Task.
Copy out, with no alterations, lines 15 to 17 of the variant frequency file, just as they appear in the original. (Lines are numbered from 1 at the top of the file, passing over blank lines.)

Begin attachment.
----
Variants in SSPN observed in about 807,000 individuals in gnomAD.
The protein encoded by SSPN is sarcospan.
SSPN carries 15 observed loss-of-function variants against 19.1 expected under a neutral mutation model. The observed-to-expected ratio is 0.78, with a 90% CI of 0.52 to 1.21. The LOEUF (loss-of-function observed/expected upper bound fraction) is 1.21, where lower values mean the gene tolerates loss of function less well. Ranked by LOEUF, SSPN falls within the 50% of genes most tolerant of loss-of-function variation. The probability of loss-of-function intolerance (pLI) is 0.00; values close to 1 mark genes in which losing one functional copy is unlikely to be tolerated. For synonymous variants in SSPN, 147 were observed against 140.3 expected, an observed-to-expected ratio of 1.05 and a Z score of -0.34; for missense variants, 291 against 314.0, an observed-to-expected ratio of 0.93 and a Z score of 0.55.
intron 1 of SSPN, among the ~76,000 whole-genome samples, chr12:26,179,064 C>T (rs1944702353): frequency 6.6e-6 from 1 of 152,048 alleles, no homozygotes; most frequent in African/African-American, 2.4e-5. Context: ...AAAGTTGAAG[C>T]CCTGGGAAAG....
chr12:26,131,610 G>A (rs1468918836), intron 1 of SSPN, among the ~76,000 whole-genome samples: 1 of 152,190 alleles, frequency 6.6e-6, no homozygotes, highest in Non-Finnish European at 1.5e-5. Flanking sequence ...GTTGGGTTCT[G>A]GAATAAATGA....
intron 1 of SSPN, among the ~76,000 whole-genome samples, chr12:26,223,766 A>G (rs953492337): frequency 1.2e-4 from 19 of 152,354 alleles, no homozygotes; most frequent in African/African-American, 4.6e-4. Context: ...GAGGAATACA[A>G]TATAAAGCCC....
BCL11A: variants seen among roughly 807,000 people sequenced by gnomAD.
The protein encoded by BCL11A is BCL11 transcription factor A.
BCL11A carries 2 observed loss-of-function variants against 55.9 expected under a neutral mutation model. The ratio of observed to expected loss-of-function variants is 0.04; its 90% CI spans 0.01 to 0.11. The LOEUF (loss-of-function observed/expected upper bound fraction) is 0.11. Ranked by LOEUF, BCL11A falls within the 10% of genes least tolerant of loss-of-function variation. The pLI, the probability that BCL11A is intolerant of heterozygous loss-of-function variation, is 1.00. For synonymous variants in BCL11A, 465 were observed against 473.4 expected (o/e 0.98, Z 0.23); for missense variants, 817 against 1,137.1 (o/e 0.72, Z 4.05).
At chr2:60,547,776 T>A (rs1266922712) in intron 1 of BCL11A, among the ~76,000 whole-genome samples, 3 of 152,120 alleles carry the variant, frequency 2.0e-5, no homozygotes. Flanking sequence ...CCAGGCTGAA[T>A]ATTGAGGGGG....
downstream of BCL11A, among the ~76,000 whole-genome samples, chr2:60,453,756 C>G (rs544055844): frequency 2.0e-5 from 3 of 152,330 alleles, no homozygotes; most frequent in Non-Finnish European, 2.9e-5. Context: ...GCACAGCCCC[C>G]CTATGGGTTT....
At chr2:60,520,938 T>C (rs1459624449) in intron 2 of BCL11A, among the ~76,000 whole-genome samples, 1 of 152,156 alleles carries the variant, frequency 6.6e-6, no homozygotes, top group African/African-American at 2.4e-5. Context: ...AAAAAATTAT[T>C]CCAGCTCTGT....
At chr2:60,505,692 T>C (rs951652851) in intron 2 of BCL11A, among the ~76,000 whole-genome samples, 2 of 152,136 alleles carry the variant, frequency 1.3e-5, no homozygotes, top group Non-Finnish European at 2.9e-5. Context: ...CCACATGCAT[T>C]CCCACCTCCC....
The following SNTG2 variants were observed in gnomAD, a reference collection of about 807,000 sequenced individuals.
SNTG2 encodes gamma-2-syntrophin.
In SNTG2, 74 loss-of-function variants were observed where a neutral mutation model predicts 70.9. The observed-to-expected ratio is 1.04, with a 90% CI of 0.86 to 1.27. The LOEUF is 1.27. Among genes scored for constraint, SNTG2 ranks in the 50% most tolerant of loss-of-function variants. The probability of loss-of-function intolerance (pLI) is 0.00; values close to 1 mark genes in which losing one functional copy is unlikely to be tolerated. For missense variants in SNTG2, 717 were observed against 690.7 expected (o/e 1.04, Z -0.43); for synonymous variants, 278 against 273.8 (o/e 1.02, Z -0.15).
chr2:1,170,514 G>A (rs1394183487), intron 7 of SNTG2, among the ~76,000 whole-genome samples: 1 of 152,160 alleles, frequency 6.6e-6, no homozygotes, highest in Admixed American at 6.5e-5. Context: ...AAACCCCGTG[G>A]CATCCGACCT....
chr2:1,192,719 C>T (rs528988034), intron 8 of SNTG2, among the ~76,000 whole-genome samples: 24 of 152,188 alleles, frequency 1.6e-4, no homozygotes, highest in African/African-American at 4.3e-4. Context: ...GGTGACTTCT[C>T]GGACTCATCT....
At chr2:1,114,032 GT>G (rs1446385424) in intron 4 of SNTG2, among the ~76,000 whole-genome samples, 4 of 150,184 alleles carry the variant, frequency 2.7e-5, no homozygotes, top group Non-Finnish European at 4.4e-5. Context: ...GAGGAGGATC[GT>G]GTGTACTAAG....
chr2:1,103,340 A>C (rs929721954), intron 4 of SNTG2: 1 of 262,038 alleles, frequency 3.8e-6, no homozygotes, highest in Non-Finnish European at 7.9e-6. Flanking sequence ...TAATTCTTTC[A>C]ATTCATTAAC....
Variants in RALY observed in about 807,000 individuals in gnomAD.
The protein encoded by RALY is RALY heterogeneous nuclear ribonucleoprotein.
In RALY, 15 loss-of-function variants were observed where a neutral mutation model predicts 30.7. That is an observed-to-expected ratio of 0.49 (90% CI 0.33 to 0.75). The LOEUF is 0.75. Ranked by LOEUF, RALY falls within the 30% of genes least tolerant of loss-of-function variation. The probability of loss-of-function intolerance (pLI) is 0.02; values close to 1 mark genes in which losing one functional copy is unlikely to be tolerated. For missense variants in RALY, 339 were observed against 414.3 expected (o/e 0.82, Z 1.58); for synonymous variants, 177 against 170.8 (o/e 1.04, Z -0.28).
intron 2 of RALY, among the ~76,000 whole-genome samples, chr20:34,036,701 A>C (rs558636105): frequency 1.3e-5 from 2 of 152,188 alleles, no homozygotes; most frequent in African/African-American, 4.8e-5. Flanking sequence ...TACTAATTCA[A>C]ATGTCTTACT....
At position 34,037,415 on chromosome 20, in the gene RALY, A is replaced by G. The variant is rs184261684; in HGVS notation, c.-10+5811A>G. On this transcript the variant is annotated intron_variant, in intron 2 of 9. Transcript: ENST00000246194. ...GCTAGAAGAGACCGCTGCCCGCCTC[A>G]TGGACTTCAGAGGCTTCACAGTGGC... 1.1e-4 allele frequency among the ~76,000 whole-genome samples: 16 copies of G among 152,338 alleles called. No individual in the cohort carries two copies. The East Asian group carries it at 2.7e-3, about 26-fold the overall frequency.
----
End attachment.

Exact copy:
SNTG2 encodes gamma-2-syntrophin.
In SNTG2, 74 loss-of-function variants were observed where a neutral mutation model predicts 70.9. The observed-to-expected ratio is 1.04, with a 90% CI of 0.86 to 1.27. The LOEUF is 1.27. Among genes scored for constraint, SNTG2 ranks in the 50% most tolerant of loss-of-function variants. The probability of loss-of-function intolerance (pLI) is 0.00; values close to 1 mark genes in which losing one functional copy is unlikely to be tolerated. For missense variants in SNTG2, 717 were observed against 690.7 expected (o/e 1.04, Z -0.43); for synonymous variants, 278 against 273.8 (o/e 1.02, Z -0.15).
chr2:1,170,514 G>A (rs1394183487), intron 7 of SNTG2, among the ~76,000 whole-genome samples: 1 of 152,160 alleles, frequency 6.6e-6, no homozygotes, highest in Admixed American at 6.5e-5. Context: ...AAACCCCGTG[G>A]CATCCGACCT....